Believing that “all it takes is a spark to ignite a passion for music,” Amy Cele, owner of The Music School at Sound Crossing (MSSC) in Windsor, has created a unique place where children and adults can find that spark.
Housed in a historical home at 101 Palisado Avenue, the building’s antique fireplace and beautiful wooden walls adorned with instruments give this Suzuki-based school of music a unique home-like appeal. In fact, on prominent display over the fireplace is Amy’s grandfather’s violin. Although it’s no longer in playing condition, Amy has taken this instrument with her throughout her musical journey.
The non-profit MSSC offers lessons to all ages in viola, violin, cello, guitar, ukulele, percussion, piano and voice. As a Suzuki-based school, MSSC follows a philosophy of, as Amy describes it, “developing students not just to be good musicians but to be good people.” The school’s seven teachers offer group Suzuki and private lessons, with a goal of making the learning process fun for all ages. While the majority of students are youths, adults are always welcome.
Amy grew up immersed in music as a Suzuki student. She went on to study music therapy and later spent a year working with community arts organizations in South Africa, where she was inspired by the way music was a part of everyday life: “You couldn’t be in a business meeting without people breaking out into song.”
Amy founded MSSC’s precursor, Sound Crossing Studio, in 2008 in East Windsor, when she began teaching violin to young children out of her home. MSSC relocated to Windsor’s Poquonock Community Church before moving to its current home at First Church’s Pierson House in January 2019.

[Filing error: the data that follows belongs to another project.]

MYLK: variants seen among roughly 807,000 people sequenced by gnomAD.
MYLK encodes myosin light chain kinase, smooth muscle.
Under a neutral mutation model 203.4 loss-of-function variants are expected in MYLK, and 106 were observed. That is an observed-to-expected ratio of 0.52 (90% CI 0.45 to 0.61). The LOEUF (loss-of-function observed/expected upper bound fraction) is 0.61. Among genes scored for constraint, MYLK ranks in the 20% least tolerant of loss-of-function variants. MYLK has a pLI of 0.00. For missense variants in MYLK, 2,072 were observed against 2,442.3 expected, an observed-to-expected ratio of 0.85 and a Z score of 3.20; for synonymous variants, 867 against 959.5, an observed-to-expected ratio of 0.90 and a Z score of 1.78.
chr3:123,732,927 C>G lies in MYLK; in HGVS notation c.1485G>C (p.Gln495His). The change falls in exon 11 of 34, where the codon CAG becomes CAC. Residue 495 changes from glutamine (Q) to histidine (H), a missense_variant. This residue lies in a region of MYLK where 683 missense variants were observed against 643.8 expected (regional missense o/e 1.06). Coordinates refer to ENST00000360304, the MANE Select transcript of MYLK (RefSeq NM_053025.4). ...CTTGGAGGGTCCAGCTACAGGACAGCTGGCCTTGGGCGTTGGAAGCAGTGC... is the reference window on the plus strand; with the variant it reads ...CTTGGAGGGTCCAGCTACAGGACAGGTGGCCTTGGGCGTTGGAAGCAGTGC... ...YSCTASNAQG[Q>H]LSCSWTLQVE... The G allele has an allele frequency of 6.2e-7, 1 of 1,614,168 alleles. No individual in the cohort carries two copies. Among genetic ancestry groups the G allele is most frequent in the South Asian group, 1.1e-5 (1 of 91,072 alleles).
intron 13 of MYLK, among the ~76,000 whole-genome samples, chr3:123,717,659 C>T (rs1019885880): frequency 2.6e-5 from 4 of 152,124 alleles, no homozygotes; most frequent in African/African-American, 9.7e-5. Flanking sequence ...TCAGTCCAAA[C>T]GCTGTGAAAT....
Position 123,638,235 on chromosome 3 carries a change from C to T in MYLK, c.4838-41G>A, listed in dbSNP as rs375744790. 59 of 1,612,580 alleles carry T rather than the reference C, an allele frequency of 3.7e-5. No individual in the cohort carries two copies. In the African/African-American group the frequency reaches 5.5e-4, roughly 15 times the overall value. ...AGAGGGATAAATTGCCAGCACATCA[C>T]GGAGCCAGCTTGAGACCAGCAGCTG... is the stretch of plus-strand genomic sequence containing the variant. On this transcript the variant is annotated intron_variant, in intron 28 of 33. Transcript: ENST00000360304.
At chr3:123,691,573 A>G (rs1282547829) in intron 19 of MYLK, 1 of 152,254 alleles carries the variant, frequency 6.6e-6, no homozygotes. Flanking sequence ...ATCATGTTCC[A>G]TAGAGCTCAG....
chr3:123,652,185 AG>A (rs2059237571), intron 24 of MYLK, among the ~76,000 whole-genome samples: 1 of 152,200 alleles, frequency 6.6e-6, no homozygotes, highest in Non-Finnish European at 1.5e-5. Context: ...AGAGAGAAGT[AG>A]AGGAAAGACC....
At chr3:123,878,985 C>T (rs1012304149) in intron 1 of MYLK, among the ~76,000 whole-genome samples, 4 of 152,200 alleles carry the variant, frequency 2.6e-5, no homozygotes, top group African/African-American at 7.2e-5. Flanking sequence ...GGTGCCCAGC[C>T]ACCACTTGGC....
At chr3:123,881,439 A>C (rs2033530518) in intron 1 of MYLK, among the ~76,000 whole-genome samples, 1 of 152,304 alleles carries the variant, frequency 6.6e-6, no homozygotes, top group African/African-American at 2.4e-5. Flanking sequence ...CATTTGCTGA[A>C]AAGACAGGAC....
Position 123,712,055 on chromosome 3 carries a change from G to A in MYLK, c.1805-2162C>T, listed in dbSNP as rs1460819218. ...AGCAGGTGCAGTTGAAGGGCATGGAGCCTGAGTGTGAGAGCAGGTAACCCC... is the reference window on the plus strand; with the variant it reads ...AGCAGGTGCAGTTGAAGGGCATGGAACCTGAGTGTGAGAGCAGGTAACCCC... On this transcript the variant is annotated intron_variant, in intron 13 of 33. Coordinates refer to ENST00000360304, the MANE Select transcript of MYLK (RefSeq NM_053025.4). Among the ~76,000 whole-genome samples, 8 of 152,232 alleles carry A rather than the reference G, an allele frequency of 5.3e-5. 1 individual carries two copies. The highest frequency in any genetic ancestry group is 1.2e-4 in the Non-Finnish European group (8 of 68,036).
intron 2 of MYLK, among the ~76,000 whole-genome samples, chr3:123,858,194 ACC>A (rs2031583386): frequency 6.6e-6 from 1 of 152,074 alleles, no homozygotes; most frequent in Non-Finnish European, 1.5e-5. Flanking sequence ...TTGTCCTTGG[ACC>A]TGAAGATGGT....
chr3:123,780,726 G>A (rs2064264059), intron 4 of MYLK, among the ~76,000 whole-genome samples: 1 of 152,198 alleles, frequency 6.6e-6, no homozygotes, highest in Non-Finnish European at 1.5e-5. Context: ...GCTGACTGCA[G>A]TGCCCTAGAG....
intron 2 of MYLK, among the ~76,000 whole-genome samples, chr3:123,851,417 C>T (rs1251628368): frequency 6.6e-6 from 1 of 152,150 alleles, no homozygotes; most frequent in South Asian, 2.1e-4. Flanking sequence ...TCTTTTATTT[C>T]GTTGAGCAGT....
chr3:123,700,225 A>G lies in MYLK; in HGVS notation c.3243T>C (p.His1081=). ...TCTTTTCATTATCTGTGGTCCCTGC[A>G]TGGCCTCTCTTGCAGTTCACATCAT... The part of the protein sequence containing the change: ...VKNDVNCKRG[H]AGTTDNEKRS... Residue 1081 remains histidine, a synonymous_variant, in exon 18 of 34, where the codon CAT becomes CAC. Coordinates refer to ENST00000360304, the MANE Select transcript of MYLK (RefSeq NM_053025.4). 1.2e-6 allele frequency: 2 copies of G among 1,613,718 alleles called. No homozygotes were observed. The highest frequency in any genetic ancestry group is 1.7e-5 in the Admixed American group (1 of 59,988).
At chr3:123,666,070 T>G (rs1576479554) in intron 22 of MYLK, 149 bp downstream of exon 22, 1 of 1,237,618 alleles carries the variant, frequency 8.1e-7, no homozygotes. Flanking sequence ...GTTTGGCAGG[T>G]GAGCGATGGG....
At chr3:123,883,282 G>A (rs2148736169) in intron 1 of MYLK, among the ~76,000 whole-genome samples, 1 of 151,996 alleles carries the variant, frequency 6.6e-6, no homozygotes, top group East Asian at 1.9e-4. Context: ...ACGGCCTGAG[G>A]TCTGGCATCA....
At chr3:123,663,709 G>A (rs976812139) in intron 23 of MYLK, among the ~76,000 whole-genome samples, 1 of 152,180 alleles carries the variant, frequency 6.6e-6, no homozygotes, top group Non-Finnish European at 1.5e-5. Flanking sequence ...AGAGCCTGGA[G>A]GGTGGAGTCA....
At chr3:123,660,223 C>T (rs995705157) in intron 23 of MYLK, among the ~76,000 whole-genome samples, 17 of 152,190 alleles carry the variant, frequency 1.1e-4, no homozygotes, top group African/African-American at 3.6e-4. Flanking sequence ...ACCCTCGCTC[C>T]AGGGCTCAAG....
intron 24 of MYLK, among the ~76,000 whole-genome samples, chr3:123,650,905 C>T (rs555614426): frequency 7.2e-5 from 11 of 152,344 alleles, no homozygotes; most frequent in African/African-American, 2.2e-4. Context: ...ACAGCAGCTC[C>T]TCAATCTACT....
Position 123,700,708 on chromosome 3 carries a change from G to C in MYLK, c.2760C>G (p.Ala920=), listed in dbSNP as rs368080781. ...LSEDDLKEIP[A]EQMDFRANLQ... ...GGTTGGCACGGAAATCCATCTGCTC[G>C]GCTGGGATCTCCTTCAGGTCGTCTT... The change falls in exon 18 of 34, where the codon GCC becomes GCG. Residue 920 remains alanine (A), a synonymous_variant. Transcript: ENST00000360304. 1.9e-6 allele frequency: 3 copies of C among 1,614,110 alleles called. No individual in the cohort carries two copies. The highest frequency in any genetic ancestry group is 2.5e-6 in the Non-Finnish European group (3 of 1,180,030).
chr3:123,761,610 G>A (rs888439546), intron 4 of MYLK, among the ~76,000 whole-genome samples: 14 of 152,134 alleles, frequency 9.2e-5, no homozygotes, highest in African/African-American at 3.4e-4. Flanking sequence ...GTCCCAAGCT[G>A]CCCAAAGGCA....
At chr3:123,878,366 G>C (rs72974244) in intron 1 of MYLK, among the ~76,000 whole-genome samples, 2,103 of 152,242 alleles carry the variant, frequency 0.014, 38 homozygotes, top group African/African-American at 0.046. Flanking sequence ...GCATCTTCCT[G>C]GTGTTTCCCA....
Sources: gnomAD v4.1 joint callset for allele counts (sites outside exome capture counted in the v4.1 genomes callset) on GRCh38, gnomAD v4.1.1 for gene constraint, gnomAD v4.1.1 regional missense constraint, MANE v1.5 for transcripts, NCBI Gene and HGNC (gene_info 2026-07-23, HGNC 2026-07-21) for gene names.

“I love Windsor,” says Amy. “There’s a great sense of community and it’s really diverse here. There’s a historic sense in Windsor but there’s also a vibrant new vibe. I’m really glad we’re close to the downtown.”
Amy wears many hats at MSSC, including management, marketing, fundraising and website maintenance. She still loves to teach and especially enjoys working one-on-one with students and seeing those moments of success. Her biggest challenge is securing funding to make music lessons affordable to all students—last year more than 40% of MSSC’s students received tuition support.
MSSC students have performed at many Windsor community events, such as the Farmers Market and Chili Challenge. In January, Amy celebrated her grand opening with the Windsor Chamber of Commerce, and she participates in Chamber networking events to increase awareness of her school.
Amy’s purpose at MSSC is “to bring students to the level where if they want to become professional musicians, they could do it. We want to give them those tools, but we also want to make sure that’s not our main goal. It’s a core Suzuki philosophy: I like to think we are doing important work, just helping people one at a time.”